Bronco Beat

Scholarship surprise left Boise State’s Leighton Vander Esch speechless

Freshman linebacker Leighton Vander Esch told Boise State football coach Bryan Harsin in an evaluation meeting last spring that he planned to commute home to Riggins on weekends over the summer to work as a raft guide.

Harsin told him not to bother. He was putting Vander Esch on scholarship.

“I just didn’t know what to say after that,” Vander Esch said Monday, telling the story during his first media availability as a Bronco. “I went kind of blank for 30 seconds. ... It’s a great opportunity, but I’ve still got to do what I’ve been doing – work as hard as I can and not take anything for granted.”

The rest of the Broncos’ linebackers were waiting outside Harsin’s door when the meeting ended. They poured into the office and gave hugs to the freshman who linebackers coach Andy Avalos calls a “baby giraffe.”

The Broncos’ older linebackers – they have four with extensive experience on defense and a fifth who is one of the top special-teamers – have served as mentors for Vander Esch.

“We’re deep at linebacker,” he said. “We’ve got four or five older guys that are there and they want to see you succeed, too, just like they are. Doing what they do every single day, just following them, taking their advice, not blowing them off – that’s the biggest thing. When you’re young, you have to look for that person or the veterans that you can just tuck under and stay under their wing so they can teach you and show you what you need to do to get better.”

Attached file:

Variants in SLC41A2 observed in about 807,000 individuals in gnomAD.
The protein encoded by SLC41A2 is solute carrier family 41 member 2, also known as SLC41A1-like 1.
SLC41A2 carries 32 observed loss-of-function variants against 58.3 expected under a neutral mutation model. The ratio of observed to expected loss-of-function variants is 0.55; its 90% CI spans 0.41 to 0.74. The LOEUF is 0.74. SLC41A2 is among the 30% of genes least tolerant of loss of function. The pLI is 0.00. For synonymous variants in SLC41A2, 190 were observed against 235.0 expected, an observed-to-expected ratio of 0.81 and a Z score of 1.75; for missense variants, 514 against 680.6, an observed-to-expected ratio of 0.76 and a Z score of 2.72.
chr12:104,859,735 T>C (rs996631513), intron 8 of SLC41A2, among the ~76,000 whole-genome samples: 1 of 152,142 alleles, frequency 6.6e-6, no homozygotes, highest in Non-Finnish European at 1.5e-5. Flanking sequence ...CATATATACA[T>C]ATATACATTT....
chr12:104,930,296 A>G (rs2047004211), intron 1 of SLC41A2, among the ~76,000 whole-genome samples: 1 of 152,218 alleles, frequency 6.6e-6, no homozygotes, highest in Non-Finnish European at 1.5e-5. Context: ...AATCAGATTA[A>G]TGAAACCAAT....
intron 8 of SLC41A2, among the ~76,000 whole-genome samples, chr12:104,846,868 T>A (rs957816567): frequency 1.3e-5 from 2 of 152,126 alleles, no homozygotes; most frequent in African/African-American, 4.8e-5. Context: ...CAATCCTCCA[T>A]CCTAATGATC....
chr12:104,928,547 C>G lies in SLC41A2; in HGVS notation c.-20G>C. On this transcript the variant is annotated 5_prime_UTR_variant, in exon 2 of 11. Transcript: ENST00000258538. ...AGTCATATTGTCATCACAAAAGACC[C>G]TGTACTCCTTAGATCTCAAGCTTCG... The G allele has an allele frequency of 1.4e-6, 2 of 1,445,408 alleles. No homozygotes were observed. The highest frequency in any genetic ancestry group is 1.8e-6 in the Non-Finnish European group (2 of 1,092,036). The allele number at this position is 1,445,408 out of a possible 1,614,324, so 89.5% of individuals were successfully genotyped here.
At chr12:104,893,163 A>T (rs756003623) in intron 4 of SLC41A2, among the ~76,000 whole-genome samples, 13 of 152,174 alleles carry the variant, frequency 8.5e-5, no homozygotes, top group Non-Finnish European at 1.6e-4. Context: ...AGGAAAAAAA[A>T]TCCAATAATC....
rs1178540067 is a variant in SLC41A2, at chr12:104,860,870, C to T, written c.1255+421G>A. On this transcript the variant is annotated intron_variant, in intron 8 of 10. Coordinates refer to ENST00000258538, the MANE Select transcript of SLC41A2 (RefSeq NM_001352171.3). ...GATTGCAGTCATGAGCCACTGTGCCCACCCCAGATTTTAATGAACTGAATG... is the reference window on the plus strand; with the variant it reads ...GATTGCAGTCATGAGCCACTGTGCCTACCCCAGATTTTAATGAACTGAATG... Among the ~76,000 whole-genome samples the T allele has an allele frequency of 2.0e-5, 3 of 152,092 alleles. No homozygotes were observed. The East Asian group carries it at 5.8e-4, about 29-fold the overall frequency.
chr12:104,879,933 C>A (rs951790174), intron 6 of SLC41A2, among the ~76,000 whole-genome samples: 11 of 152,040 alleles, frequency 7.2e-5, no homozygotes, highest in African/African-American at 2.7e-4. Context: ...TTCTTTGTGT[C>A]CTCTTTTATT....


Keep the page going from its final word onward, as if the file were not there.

Vander Esch, in turn, already has started helping the Broncos’ newcomers.

“He’s just gotten so much better – it’s unbelievable,” junior starting linebacker Ben Weaver said. “... After this summer, you could see him grow as a leader and teaching some of the young guys. It’s pretty fun to watch.”

Vander Esch helped Salmon River High win back-to-back state titles in football and basketball during his last two years of high school. He was a state player of the year in both sports.

He said he needed humility to make the transition from toast of the town in Riggins to anonymous walk-on in Boise.

“Coming from a small town and doing the things that my team and I did in high school, now it doesn’t mean anything,” he said. “That stuff was the world to me when I was in high school, but now as soon as I graduated I had to forget about that and start over.”

Vander Esch, who played quarterback in high school, has put on about 30 pounds since joining the Broncos. He is 6-foot-4, 234 pounds.

He is expected to play “a huge role on special teams” this season, Avalos said earlier in camp.

That’ll be another pinch-me moment.

“My whole entire life, I’ve wanted to play college football at Boise State,” Vander Esch said.